It is easy to tell when most animals breathe as they draw air in and out their lungs using the diaphragm, a muscle that contracts and relaxes with each breath to expand the ribs. But turtles do not have a diaphragm. A diaphragm would not have helped either, since the rigidity of their shells would prevent their ribs from expanding. Instead, turtles move their limbs or neck and utilize other muscles connected to their pleural cavity (the area around their lungs), to help them breathe. Some turtles also have special muscles situated between their limbs and lungs to aid in breathing; others have an additional breathing-related trick that allows them to remain underwater for longer periods. Some turtles use buccopharyngeal breathing, in which they take water into their mouths and then pass it out of their nostrils. Along the way, the oxygenated water passes along the capillary-rich tissue inside their necks, allowing additional oxygen to enter directly into the bloodstream.
Most female turtles will return to the same beach each time to nest and will often appear a few hundred meters from where they last nested. The nesting mostly happens at night when the female crawls out of the ocean, pausing frequently as if carefully scoping out her spot. She may decide not to nest and it can happen naturally or because of artificial lighting or the presence of people on the beach. On average they can nest at least twice during the nesting season. A female turtle crawls to a dry area where she will construct a pit by digging with her flippers. She will lay between 80 to 120 eggs. The eggs are very flexible and do not break as they fall into the pit. She will close the pit and gradually pack the sand down over the top of the eggs. By throwing sand in all directions she tries to make it harder for predators to find the eggs.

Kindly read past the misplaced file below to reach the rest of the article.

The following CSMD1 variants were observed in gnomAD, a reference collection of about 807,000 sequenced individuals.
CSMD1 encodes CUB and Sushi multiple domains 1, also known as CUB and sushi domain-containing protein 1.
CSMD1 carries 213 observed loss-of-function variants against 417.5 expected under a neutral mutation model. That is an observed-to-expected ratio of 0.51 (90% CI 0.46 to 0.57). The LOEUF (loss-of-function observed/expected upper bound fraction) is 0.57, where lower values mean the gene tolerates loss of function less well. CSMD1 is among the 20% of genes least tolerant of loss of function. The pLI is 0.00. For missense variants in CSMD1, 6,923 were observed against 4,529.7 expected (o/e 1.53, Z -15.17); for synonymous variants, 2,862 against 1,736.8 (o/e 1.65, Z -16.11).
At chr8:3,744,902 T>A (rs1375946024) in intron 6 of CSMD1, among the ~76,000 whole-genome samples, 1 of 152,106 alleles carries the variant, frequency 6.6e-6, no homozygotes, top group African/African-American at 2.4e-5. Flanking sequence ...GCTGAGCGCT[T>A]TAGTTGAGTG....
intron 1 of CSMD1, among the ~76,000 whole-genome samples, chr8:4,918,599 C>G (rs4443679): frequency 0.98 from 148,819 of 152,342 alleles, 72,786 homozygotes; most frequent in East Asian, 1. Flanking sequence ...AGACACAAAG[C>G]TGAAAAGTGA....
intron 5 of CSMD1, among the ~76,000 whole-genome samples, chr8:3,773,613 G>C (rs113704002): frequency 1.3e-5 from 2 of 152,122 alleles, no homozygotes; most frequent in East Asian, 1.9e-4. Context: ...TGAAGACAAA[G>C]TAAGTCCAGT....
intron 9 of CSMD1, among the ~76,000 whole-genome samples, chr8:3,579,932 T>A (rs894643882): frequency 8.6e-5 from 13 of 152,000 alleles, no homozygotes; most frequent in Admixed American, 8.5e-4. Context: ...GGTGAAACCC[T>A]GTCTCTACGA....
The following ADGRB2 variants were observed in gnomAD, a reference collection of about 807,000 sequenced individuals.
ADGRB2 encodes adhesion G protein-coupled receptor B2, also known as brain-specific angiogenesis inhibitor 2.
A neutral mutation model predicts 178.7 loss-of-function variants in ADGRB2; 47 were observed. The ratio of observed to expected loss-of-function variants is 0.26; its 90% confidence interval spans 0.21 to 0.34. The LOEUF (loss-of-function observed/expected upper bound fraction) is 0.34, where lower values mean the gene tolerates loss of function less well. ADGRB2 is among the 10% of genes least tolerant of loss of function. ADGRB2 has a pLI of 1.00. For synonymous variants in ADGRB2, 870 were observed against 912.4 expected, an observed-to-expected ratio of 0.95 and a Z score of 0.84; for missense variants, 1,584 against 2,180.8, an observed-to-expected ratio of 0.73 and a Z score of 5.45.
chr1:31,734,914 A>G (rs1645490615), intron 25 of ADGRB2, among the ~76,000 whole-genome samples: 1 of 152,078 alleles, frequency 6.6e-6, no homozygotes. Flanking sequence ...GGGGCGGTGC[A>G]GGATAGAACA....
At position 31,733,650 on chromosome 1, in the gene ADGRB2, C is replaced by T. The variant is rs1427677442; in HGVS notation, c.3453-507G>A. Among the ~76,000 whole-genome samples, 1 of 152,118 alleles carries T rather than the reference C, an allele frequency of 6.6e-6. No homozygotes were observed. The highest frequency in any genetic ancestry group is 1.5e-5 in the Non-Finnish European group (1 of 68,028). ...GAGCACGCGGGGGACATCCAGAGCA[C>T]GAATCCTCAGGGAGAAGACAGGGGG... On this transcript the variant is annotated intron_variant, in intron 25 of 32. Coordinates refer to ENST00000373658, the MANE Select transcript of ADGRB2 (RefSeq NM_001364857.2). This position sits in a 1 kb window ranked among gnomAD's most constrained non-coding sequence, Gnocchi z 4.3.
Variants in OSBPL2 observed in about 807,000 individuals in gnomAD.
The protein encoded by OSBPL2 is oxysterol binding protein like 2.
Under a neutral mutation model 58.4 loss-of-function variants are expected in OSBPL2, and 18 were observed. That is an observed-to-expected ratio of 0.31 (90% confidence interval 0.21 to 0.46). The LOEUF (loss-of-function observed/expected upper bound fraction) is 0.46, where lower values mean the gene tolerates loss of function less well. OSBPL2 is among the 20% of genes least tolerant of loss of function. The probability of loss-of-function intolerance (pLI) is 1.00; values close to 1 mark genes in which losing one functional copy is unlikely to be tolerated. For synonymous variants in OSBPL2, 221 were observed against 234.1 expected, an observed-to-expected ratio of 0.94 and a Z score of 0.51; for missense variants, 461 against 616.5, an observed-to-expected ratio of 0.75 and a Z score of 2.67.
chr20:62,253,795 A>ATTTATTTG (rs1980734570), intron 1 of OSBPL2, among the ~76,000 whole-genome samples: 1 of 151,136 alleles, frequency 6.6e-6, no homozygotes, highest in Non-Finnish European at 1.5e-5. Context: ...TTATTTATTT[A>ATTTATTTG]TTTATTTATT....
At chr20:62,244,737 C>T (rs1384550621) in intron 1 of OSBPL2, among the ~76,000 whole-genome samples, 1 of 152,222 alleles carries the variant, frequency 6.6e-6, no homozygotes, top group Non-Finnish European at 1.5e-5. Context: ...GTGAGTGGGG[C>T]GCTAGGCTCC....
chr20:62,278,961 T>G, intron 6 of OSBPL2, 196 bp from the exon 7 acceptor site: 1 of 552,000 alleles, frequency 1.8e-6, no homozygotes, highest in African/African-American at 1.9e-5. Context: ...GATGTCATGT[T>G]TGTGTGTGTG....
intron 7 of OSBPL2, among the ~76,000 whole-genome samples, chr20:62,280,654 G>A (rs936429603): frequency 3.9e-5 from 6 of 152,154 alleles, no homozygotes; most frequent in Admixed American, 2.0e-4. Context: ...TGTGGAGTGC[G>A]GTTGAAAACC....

Emerging from the Nest
Unlike crocodiles, sea turtle hatchlings do not get support from their mothers when they hatch. To break open their shells, they use a sharp tooth to break the shell. Digging out of the nest is a group effort that can take several days with the hatchlings emerging at night or during a rainstorm when temperatures are cooler. They then dash towards the sea using the brightest horizon as their navigation.
Survival of the fittest…
A young turtle hatchling has a 1/1000th chance of surviving to adulthood. From the moment that they hatch it is a fight for survival. If they do not make it to the ocean quickly enough, they will die of dehydration in the sun or get caught by predators like birds and crabs. When they finally make it to the open ocean they are hunted by sharks, big fish and circling birds.
As usual, humans also play a big role in the changes of survival and include:
- habitat loss and degradation
- wildlife trade
- collection of eggs and meat for consumption
- incidental capture
- climate change
In many countries of the world people help protect the feeding and nesting grounds of sea turtles by monitoring their movements and protecting their eggs from being harvested by local communities. It is important that countries and people from different cultures cooperate and share responsibility. If sea turtles cannot survive and reproduce on their own, without help from humans, then they are doomed.